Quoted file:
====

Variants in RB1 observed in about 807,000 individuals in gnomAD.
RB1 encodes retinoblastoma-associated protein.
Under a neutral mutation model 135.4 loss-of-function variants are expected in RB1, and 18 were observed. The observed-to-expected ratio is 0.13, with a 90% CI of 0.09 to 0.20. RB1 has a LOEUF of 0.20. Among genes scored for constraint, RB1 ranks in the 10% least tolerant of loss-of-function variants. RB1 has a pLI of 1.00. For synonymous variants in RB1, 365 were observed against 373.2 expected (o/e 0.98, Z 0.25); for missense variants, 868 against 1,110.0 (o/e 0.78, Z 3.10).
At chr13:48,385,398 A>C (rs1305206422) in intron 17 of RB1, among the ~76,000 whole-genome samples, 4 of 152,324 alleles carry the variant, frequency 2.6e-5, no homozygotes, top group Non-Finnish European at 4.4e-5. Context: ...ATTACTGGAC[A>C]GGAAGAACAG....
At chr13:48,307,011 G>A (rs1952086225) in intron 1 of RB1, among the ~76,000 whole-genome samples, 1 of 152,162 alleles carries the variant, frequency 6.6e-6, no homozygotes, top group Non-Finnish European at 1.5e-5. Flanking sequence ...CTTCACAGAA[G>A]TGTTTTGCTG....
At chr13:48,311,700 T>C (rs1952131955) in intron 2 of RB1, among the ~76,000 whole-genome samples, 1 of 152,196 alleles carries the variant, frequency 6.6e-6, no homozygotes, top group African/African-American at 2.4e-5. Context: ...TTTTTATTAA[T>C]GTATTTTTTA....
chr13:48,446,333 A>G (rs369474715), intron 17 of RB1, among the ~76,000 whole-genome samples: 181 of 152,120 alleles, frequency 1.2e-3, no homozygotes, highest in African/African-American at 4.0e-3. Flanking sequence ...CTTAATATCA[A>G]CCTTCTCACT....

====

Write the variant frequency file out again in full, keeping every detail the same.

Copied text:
Variants in RB1 observed in about 807,000 individuals in gnomAD.
RB1 encodes retinoblastoma-associated protein.
Under a neutral mutation model 135.4 loss-of-function variants are expected in RB1, and 18 were observed. The observed-to-expected ratio is 0.13, with a 90% CI of 0.09 to 0.20. RB1 has a LOEUF of 0.20. Among genes scored for constraint, RB1 ranks in the 10% least tolerant of loss-of-function variants. RB1 has a pLI of 1.00. For synonymous variants in RB1, 365 were observed against 373.2 expected (o/e 0.98, Z 0.25); for missense variants, 868 against 1,110.0 (o/e 0.78, Z 3.10).
At chr13:48,385,398 A>C (rs1305206422) in intron 17 of RB1, among the ~76,000 whole-genome samples, 4 of 152,324 alleles carry the variant, frequency 2.6e-5, no homozygotes, top group Non-Finnish European at 4.4e-5. Context: ...ATTACTGGAC[A>C]GGAAGAACAG....
At chr13:48,307,011 G>A (rs1952086225) in intron 1 of RB1, among the ~76,000 whole-genome samples, 1 of 152,162 alleles carries the variant, frequency 6.6e-6, no homozygotes, top group Non-Finnish European at 1.5e-5. Flanking sequence ...CTTCACAGAA[G>A]TGTTTTGCTG....
At chr13:48,311,700 T>C (rs1952131955) in intron 2 of RB1, among the ~76,000 whole-genome samples, 1 of 152,196 alleles carries the variant, frequency 6.6e-6, no homozygotes, top group African/African-American at 2.4e-5. Context: ...TTTTTATTAA[T>C]GTATTTTTTA....
chr13:48,446,333 A>G (rs369474715), intron 17 of RB1, among the ~76,000 whole-genome samples: 181 of 152,120 alleles, frequency 1.2e-3, no homozygotes, highest in African/African-American at 4.0e-3. Flanking sequence ...CTTAATATCA[A>G]CCTTCTCACT....